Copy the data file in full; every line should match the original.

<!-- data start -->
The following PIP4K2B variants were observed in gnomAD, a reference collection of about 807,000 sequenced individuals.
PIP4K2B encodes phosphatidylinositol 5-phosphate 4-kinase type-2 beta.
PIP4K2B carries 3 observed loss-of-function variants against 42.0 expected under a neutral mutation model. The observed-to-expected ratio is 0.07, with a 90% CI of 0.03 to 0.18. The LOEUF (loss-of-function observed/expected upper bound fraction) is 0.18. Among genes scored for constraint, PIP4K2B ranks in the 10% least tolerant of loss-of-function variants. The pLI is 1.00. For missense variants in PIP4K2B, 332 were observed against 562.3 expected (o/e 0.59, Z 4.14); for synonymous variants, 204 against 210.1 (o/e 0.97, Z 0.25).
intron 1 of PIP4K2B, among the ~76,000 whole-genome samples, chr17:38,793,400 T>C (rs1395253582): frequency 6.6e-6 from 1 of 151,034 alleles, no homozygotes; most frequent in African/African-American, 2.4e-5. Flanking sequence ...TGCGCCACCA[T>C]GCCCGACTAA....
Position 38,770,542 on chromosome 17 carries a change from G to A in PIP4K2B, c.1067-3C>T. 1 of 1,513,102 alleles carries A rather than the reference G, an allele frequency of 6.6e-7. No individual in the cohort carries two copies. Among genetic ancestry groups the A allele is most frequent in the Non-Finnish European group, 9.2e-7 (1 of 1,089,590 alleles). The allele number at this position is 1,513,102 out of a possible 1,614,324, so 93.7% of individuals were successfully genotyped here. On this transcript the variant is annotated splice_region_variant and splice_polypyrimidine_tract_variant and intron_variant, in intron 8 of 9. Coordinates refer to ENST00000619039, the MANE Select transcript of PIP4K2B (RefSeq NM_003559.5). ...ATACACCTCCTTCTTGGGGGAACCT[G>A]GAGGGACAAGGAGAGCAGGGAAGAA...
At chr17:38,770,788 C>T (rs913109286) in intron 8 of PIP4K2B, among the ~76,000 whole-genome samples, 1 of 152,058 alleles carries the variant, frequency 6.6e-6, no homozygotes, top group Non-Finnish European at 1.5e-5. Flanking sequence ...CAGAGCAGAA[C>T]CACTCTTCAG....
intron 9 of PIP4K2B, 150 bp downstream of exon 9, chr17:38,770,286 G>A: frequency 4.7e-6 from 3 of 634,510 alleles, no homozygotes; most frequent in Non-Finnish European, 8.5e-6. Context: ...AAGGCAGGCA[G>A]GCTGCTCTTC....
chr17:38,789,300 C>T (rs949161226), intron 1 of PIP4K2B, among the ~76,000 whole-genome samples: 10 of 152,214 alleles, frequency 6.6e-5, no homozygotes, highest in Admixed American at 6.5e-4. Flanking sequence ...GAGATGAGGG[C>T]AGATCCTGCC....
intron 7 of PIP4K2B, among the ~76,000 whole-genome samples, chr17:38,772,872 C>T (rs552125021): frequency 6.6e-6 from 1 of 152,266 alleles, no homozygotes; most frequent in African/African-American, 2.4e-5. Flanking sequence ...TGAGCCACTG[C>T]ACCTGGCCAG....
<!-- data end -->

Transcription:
The following PIP4K2B variants were observed in gnomAD, a reference collection of about 807,000 sequenced individuals.
PIP4K2B encodes phosphatidylinositol 5-phosphate 4-kinase type-2 beta.
PIP4K2B carries 3 observed loss-of-function variants against 42.0 expected under a neutral mutation model. The observed-to-expected ratio is 0.07, with a 90% CI of 0.03 to 0.18. The LOEUF (loss-of-function observed/expected upper bound fraction) is 0.18. Among genes scored for constraint, PIP4K2B ranks in the 10% least tolerant of loss-of-function variants. The pLI is 1.00. For missense variants in PIP4K2B, 332 were observed against 562.3 expected (o/e 0.59, Z 4.14); for synonymous variants, 204 against 210.1 (o/e 0.97, Z 0.25).
intron 1 of PIP4K2B, among the ~76,000 whole-genome samples, chr17:38,793,400 T>C (rs1395253582): frequency 6.6e-6 from 1 of 151,034 alleles, no homozygotes; most frequent in African/African-American, 2.4e-5. Flanking sequence ...TGCGCCACCA[T>C]GCCCGACTAA....
Position 38,770,542 on chromosome 17 carries a change from G to A in PIP4K2B, c.1067-3C>T. 1 of 1,513,102 alleles carries A rather than the reference G, an allele frequency of 6.6e-7. No individual in the cohort carries two copies. Among genetic ancestry groups the A allele is most frequent in the Non-Finnish European group, 9.2e-7 (1 of 1,089,590 alleles). The allele number at this position is 1,513,102 out of a possible 1,614,324, so 93.7% of individuals were successfully genotyped here. On this transcript the variant is annotated splice_region_variant and splice_polypyrimidine_tract_variant and intron_variant, in intron 8 of 9. Coordinates refer to ENST00000619039, the MANE Select transcript of PIP4K2B (RefSeq NM_003559.5). ...ATACACCTCCTTCTTGGGGGAACCT[G>A]GAGGGACAAGGAGAGCAGGGAAGAA...
At chr17:38,770,788 C>T (rs913109286) in intron 8 of PIP4K2B, among the ~76,000 whole-genome samples, 1 of 152,058 alleles carries the variant, frequency 6.6e-6, no homozygotes, top group Non-Finnish European at 1.5e-5. Flanking sequence ...CAGAGCAGAA[C>T]CACTCTTCAG....
intron 9 of PIP4K2B, 150 bp downstream of exon 9, chr17:38,770,286 G>A: frequency 4.7e-6 from 3 of 634,510 alleles, no homozygotes; most frequent in Non-Finnish European, 8.5e-6. Context: ...AAGGCAGGCA[G>A]GCTGCTCTTC....
chr17:38,789,300 C>T (rs949161226), intron 1 of PIP4K2B, among the ~76,000 whole-genome samples: 10 of 152,214 alleles, frequency 6.6e-5, no homozygotes, highest in Admixed American at 6.5e-4. Flanking sequence ...GAGATGAGGG[C>T]AGATCCTGCC....
intron 7 of PIP4K2B, among the ~76,000 whole-genome samples, chr17:38,772,872 C>T (rs552125021): frequency 6.6e-6 from 1 of 152,266 alleles, no homozygotes; most frequent in African/African-American, 2.4e-5. Flanking sequence ...TGAGCCACTG[C>T]ACCTGGCCAG....